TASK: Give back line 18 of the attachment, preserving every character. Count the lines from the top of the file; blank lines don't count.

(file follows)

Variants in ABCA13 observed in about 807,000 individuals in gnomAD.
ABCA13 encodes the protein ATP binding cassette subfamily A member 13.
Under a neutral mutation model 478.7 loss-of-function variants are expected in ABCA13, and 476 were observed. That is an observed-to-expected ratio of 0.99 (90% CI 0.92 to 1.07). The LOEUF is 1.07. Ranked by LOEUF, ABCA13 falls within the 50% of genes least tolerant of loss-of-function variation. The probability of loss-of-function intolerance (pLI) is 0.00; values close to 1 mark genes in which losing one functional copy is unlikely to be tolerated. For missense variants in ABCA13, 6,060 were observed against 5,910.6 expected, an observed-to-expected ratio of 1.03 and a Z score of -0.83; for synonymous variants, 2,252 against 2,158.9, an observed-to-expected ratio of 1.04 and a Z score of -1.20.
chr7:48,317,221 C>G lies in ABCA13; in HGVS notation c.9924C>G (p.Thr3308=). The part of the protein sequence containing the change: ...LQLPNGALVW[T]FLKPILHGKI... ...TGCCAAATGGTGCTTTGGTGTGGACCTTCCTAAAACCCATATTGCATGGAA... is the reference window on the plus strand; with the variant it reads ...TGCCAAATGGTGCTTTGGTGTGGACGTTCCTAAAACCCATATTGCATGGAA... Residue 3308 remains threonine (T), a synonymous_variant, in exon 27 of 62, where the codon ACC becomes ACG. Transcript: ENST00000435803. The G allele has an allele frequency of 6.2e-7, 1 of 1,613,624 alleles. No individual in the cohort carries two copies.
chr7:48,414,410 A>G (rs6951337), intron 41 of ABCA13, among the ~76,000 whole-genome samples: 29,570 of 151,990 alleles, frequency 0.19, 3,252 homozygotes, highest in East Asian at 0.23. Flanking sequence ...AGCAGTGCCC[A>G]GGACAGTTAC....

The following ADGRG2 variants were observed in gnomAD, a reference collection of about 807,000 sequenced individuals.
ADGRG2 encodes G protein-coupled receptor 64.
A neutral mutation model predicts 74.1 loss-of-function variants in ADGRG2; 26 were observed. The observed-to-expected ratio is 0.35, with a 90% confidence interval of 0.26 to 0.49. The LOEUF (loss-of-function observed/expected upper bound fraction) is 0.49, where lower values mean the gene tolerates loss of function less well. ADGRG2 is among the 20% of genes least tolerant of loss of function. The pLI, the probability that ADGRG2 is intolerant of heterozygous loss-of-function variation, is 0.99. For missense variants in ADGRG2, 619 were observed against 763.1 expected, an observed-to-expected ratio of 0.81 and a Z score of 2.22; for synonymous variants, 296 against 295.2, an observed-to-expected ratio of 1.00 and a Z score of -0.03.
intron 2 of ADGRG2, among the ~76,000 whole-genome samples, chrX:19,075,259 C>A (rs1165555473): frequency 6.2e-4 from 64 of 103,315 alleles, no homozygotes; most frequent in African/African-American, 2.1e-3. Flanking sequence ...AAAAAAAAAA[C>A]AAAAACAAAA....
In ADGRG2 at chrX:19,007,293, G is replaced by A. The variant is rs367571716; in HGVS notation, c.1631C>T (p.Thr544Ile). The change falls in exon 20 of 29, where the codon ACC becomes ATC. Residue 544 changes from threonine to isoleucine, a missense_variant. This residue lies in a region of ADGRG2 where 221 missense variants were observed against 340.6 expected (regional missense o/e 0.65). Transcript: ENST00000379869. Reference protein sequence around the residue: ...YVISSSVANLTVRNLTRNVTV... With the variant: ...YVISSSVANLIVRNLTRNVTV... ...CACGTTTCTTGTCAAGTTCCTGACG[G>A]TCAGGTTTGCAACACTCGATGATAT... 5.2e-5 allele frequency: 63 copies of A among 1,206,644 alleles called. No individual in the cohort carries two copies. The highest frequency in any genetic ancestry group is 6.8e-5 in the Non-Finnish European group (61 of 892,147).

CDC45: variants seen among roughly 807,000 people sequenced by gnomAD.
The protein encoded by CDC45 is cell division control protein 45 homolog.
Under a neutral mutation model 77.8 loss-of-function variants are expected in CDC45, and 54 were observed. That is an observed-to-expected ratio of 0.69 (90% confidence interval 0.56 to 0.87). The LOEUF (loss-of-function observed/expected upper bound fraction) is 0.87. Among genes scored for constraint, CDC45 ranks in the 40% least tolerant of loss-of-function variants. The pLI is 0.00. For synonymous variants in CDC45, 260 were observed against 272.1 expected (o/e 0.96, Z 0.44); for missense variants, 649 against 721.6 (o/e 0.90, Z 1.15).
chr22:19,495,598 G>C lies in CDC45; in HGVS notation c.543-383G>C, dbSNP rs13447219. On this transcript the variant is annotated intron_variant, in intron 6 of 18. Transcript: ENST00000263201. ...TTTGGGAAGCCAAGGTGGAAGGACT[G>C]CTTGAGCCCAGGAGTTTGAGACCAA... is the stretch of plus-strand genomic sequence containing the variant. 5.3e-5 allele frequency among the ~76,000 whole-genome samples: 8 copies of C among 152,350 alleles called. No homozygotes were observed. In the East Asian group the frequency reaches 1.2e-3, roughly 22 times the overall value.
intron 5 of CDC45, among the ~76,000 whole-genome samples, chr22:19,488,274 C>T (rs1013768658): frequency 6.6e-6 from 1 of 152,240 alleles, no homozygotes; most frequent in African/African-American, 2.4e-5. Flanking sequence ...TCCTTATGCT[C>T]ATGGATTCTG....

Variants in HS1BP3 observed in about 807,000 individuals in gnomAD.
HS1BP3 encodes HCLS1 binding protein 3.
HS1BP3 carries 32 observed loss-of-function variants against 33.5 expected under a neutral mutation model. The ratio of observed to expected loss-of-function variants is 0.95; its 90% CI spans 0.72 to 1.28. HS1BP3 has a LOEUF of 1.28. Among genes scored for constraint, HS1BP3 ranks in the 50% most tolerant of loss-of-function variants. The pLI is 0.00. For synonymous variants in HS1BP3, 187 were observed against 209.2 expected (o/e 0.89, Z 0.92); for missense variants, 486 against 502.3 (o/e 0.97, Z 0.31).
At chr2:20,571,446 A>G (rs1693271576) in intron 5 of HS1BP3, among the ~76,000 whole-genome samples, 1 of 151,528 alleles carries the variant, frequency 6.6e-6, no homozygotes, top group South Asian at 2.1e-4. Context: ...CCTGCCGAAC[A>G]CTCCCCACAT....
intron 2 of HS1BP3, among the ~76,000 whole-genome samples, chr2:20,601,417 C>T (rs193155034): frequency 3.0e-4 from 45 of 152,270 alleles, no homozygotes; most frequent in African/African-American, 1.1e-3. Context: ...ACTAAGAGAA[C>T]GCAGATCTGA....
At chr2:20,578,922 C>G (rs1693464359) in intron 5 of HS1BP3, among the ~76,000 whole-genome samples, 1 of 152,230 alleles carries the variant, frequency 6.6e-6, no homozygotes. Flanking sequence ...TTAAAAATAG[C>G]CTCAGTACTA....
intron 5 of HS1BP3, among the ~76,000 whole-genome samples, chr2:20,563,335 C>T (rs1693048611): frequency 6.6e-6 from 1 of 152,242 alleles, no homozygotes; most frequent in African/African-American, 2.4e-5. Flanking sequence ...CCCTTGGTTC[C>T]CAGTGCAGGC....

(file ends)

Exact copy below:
HS1BP3 carries 32 observed loss-of-function variants against 33.5 expected under a neutral mutation model. The ratio of observed to expected loss-of-function variants is 0.95; its 90% CI spans 0.72 to 1.28. HS1BP3 has a LOEUF of 1.28. Among genes scored for constraint, HS1BP3 ranks in the 50% most tolerant of loss-of-function variants. The pLI is 0.00. For synonymous variants in HS1BP3, 187 were observed against 209.2 expected (o/e 0.89, Z 0.92); for missense variants, 486 against 502.3 (o/e 0.97, Z 0.31).